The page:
This game probably would have been even higher if not for its severe network crashing issues. But hey, it’s 2017. We’re not going to count that much against a game for being buggy, right?
2. System Shock
Another one from the syllabi, System Shock was assigned to me a couple of months ago. The course was structured around the history and evolution of the “narrative immersive sim”—an illusive phrase in of itself, and my classmates and I often struggled to define this nebulous thing that made up a “narrative immersive sim.” But System Shock was, to me, that thing exactly.
When it came time for me to give my thoughts on the game, I struggled with articulating myself. I knew how the game made me feel, I just didn’t know how to put it into words. It was a deep attachment to the environment, one that didn’t feel superficial like arbitrary sonnets strewn across a continent, but pertinent and important.
It also had Shodan.
My interactions with Shodan became a sort of obsession for me. Shodan was completely intangible, yet I felt her influence all around me. I could feel my relationship with Shodan shifting, developing. I would get close to her, and Shodan would remind me just how vulnerable I was. Any progress I made was made essentially with Shodan’s blessing.
And yet, I wasn’t terrified. The game’s soundtrack was upbeat, egging me along. I felt like boxer in a ring, bouncing around the space station, making quick jabs at my impregnable opponent, and with one swing, she would send me straight to the ground. But I kept getting back up, getting better, getting smarter, and I would bounce around again to face Shodan once more.
1. Legend of Zelda: Breath of the Wild
My number one spot goes to the only game to make me cry this year, Legend of Zelda: Breath of the Wild.
From that very first scene of Link running out to the cliffside, overlooking all of Hyrule, I was enraptured with Breath of the Wild. This moment, set within the first ten minutes of the game, was the moment that brought me to tears. It felt like a homecoming, a world somehow familiar though I had never set foot inside it.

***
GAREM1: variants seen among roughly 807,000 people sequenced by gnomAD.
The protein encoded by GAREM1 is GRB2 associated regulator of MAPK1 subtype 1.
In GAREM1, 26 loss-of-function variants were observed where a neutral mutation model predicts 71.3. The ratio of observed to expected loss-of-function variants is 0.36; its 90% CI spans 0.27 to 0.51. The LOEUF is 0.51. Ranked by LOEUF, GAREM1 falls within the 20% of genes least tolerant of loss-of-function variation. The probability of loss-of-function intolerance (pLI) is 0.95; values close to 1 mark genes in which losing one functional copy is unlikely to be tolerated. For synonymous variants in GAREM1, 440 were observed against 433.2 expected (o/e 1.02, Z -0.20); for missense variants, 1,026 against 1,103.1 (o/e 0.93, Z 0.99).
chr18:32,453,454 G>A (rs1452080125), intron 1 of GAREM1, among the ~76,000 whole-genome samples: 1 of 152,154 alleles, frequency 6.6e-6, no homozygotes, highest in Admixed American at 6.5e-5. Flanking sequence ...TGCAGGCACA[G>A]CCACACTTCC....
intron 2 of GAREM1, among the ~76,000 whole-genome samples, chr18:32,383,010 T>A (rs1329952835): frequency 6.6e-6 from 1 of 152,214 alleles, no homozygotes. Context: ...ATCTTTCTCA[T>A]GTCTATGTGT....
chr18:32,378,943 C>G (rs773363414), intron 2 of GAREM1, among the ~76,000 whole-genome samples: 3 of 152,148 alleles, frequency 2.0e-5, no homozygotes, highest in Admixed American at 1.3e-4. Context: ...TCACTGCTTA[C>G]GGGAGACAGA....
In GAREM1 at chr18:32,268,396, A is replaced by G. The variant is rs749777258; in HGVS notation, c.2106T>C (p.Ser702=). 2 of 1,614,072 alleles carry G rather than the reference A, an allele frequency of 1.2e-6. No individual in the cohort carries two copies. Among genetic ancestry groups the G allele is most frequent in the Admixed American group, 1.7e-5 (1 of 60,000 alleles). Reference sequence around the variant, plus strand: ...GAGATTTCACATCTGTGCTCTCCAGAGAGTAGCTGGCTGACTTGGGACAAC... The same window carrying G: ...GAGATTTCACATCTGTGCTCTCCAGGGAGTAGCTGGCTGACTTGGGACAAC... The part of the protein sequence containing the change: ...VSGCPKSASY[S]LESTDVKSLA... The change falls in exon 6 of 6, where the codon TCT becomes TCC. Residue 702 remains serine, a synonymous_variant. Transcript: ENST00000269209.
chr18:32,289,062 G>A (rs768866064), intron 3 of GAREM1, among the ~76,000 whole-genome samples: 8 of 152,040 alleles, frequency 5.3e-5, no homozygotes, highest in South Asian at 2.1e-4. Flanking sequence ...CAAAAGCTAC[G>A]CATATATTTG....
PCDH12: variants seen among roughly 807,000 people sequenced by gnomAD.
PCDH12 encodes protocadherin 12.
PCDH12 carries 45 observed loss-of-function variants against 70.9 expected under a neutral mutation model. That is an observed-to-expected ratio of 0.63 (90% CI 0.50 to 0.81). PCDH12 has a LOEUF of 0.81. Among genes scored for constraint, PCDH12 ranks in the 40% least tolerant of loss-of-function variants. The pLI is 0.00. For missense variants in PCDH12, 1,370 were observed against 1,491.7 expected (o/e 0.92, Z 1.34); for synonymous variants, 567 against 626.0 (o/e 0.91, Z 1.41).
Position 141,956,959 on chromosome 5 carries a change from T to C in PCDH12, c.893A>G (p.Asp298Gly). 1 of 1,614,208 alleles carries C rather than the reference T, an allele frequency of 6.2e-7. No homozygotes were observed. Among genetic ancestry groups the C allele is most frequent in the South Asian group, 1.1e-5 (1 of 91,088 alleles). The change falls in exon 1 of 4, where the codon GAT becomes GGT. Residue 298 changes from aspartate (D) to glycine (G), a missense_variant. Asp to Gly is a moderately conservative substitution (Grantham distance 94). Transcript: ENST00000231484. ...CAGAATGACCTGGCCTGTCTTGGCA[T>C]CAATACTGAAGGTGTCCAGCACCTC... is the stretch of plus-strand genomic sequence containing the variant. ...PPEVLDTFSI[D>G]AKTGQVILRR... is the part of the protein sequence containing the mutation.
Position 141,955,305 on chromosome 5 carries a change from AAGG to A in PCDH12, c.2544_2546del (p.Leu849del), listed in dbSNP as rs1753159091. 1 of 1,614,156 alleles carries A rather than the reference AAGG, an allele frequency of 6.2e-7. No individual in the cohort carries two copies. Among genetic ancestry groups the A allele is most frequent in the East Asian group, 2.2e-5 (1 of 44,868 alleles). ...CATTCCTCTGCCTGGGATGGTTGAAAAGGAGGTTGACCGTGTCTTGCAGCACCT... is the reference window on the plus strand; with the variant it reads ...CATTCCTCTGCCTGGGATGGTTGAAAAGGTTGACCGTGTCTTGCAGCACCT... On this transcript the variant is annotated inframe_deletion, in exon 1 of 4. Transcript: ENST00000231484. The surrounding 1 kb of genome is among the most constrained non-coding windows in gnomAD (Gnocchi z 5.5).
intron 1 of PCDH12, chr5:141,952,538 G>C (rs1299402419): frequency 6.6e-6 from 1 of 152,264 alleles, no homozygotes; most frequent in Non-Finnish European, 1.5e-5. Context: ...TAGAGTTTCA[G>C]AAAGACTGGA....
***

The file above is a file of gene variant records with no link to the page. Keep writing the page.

I spent hours on the Great Plateau, in the desire to soak up every square inch of the world I possibly could. I wanted to see it all, experience it all, be in it all. When playing BOTW, I wasn’t Natalie, I was Link. I was a hero, awakening in a world that I had once known but had seen a lifetime of terror since I had last traversed its grassy knolls, treacherous mountaintops, and rushing waters.
I’ve actually stepped away from BOTW since my first forty or so hours (that’s right, I haven’t finished it). I think the dissonance between my enchantment with Hyrule and the pain of reality was a little too much to bear. For the rest of the year, I distracted myself with games I justified for my studies and games I shared with others.
But when sifting through my screen captures from this game for this list, my eyes grew bleary with a fond remembrance for the adventures I had once had in Hyrule. I remembered the genuine wonder for a world, not a story, I had once felt.
After completing this list, Breath of the Wild is the one game I want to go back to. It’s the one game I’m not really sure what I would do if someone said I could never play it again. It’s the one game that has deeply impacted who I am and how I think. Breath of the Wild was the one game this year that was wholly and entirely for me, and that is why it is my game of the year.